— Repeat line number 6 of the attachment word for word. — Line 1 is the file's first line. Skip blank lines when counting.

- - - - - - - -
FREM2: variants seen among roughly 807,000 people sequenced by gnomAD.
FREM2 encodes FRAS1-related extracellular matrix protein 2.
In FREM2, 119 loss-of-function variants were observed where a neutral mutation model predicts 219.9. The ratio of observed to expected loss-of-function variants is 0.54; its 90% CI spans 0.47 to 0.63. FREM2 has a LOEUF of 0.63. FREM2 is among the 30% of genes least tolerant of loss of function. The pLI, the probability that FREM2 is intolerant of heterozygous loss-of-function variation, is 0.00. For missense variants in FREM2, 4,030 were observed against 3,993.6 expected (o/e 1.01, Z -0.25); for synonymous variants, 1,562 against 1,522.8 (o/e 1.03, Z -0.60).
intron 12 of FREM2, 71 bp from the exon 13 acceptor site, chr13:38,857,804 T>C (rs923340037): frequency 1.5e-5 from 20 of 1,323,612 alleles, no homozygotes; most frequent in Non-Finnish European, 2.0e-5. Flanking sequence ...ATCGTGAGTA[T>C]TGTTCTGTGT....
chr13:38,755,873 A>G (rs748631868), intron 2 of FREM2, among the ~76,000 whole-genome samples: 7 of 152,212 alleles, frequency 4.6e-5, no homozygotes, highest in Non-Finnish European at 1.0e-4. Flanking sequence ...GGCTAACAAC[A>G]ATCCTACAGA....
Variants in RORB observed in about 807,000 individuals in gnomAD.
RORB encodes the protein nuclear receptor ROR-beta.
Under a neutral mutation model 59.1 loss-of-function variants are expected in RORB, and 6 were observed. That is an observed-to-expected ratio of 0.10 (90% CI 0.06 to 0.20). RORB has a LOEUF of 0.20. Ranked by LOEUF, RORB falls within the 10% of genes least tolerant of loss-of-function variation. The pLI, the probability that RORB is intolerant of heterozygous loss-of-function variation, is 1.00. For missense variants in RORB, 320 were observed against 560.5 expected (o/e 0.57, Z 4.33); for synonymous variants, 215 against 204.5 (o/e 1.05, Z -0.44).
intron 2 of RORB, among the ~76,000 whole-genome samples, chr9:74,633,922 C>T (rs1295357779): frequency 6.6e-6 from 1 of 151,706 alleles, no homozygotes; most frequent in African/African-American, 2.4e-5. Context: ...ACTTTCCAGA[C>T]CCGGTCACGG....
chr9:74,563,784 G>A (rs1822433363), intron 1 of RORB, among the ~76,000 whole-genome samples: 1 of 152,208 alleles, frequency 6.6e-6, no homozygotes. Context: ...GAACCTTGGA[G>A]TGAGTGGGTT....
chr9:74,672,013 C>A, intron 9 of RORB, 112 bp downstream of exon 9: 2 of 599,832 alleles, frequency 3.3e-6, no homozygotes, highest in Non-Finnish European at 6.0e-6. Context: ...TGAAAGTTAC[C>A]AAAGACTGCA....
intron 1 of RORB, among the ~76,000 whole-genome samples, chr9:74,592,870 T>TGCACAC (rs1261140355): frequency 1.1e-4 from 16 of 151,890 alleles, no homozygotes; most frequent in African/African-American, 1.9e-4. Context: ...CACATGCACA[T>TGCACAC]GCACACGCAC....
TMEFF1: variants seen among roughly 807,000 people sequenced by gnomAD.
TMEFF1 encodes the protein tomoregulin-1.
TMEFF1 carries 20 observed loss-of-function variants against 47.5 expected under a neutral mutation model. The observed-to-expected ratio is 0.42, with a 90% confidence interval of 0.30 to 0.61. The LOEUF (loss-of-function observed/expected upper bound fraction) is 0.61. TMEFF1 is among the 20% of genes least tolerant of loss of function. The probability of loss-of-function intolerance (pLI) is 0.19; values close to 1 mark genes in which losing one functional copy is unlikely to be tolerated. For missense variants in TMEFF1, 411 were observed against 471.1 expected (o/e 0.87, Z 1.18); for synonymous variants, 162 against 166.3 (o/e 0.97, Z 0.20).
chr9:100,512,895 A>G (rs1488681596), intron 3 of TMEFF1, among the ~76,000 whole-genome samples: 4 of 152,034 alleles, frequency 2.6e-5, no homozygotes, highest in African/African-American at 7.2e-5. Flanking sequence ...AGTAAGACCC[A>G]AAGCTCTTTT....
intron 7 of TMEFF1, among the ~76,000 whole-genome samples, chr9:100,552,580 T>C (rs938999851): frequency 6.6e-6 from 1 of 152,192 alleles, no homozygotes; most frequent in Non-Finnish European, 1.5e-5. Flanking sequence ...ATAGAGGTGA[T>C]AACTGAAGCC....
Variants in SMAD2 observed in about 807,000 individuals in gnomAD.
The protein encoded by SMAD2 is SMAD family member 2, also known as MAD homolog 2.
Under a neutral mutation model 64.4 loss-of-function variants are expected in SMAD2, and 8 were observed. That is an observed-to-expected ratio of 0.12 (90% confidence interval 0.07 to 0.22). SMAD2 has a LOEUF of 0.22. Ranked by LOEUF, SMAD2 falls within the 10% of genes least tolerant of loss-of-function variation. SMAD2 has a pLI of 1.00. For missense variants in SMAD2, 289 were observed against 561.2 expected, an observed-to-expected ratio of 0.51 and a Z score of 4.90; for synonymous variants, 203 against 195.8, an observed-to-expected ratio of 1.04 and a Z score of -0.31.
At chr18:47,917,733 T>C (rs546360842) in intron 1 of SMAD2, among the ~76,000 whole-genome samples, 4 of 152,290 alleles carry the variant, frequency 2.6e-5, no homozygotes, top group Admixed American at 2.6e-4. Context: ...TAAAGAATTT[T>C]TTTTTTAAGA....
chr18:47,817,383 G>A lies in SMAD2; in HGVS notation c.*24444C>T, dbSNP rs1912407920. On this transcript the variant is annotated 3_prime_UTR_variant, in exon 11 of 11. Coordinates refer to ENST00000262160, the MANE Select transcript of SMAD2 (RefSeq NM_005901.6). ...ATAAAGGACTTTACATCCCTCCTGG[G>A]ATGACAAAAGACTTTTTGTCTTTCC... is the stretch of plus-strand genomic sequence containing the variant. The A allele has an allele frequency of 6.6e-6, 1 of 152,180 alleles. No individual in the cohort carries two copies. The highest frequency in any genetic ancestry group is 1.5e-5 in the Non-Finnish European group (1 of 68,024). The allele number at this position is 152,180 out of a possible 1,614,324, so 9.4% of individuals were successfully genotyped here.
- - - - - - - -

Variants in RORB observed in about 807,000 individuals in gnomAD.